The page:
It’s All About the Bacon

I grew up in Iowa, and I’ve always loved a BLT, but now that I’m living in California, it has to be a BLTA, with avocado. Of my three kids, none of them eats pork anymore. One eats poultry and fish, one eats fish, and one is a true vegetarian.  No vegans, though. They all love cheese.

The last time I made a plate of bacon for a holiday breakfast, it was empty in a flash, thanks to one son-in-law and one offspring who has since given up on meat. That was 2019.

Fake meat is all the rage now at my house. The Beyond Burger comes frozen at Costco, eight patties for $14.00. That’s a better deal than ordering an Impossible burger in a restaurant for $16.00, but sometimes you have to have the side of perfect crispy French fries that only a restaurant can supply.

Another brand of plant-based fake meat is Incogmeato. I like that name the best. The three brands all imitate the taste of meat, but without that ugly aftertaste (if you’ve given up beef and then have a real burger, you will taste it).

Today I read in the Sunday Chronicle that California has a new animal welfare proposition that requires farm animals to be raised in more humane ways.  Most of California’s bacon is imported, mostly from Iowa.  96% of American pork farmers do not yet comply with the restrictions of the new California law. Non-compliant meat will not be allowed into California.

Are you catching on? Buying and ordering bacon in California is about to get real competitive.  Prices will rise, and restaurants and grocery stores will run out of product. It will make the big toilet-paper-hoarding event of 2020 look like small potatoes.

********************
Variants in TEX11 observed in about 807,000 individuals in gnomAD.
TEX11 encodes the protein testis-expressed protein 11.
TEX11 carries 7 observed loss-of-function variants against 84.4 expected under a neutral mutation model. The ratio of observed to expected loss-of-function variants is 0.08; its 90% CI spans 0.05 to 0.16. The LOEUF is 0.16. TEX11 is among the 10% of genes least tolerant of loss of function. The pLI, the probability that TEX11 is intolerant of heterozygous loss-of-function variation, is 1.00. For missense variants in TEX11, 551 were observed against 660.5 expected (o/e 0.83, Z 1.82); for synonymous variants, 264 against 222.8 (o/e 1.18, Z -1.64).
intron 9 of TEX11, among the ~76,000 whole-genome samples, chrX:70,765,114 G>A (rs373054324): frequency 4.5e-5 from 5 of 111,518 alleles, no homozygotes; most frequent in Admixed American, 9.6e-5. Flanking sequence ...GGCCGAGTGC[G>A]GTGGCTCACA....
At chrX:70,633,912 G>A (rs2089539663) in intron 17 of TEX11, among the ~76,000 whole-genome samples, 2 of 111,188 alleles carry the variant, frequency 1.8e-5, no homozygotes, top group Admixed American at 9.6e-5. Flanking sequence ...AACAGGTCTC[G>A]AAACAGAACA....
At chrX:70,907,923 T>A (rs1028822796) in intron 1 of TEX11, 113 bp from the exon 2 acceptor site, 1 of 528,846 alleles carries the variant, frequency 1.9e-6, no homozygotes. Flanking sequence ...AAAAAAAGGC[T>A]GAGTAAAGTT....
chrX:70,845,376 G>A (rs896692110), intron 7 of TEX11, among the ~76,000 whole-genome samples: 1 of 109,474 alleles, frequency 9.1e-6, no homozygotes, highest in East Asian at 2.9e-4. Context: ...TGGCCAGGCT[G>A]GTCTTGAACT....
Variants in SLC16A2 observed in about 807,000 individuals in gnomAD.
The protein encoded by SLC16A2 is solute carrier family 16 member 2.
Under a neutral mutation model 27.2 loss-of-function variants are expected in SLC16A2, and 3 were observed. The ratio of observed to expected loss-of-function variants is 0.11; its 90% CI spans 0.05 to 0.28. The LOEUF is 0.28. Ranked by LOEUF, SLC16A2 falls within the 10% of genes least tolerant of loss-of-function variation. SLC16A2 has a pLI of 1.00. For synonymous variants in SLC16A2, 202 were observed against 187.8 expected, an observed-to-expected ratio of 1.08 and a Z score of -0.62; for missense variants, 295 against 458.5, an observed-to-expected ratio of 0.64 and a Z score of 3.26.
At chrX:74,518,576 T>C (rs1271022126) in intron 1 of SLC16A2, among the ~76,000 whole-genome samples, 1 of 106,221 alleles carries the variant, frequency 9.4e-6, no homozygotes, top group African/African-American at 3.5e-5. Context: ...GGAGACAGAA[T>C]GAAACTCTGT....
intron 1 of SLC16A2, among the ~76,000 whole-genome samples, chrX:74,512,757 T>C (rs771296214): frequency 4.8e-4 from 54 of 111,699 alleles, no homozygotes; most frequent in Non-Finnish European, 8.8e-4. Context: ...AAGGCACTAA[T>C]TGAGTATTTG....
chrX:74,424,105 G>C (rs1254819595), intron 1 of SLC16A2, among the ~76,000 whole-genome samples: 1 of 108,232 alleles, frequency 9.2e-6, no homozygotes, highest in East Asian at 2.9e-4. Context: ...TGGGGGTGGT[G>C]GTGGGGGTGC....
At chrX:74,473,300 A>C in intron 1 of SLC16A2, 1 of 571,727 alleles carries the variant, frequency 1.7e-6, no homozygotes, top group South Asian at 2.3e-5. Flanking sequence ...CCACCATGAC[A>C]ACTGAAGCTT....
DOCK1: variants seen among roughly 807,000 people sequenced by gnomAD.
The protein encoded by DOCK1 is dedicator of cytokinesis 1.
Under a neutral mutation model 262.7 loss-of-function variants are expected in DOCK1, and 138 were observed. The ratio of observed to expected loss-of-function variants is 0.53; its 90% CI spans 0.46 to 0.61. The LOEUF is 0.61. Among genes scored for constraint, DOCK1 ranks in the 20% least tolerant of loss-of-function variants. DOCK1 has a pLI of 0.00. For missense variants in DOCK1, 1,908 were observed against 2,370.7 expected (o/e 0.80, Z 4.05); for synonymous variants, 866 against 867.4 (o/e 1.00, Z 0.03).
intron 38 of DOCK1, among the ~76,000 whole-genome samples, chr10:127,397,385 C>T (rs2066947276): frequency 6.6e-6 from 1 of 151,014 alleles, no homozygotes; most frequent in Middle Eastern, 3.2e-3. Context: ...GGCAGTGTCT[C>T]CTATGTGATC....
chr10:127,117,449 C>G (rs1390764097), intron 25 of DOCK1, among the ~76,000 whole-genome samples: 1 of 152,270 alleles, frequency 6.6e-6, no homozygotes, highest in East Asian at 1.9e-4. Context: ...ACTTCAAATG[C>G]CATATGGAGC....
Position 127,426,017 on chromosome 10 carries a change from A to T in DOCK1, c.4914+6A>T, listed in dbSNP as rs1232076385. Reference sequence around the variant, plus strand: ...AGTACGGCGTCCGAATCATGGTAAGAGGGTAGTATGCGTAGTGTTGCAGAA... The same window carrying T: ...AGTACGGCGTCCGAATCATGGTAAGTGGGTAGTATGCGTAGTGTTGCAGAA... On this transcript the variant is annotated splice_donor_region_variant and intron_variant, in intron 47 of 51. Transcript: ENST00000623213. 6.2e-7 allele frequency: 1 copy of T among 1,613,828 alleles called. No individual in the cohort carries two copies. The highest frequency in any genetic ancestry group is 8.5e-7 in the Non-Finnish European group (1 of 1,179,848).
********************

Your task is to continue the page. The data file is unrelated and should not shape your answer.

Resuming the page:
In a world of Covid 19, the delta variant, death, murder, assault rifles, voter suppression laws, a broken congress and climate change, this might seem like a big squeal (I mean a big deal). But it will be a very big deal to the bacon lovers of the world, at least the bacon lovers of California.

I order a turkey club sandwich on weekly lunches out with my kids. I eat half the sandwich and wrap up the other half to take home for the next day. The next day I throw away the bread and give the bacon to my dogs, adding the rest of the leftover-half sandwich to my daily salad. My stomach is happy, my dogs are happy, everyone is happy.

Will they take my turkey club sandwich off the menu? I eat at Brass Bear deli and The Growler. Or will the $13.00 sandwich become a $16.00 sandwich? These are first world problems, to be sure.

Hey, Iowa pig farmers, you are rolling in the bacon. So why not make the pig pens a little more spacious?  Let the pigs out of their crates, already. Yes, they will become food, but in the meantime, treat them better. 

I read somewhere that 100 years from now, no one will be eating meat, and it will be considered barbaric. I don’t know about that.  A BLT is a hard habit to break. Nothing tastes better, especially with avocado.

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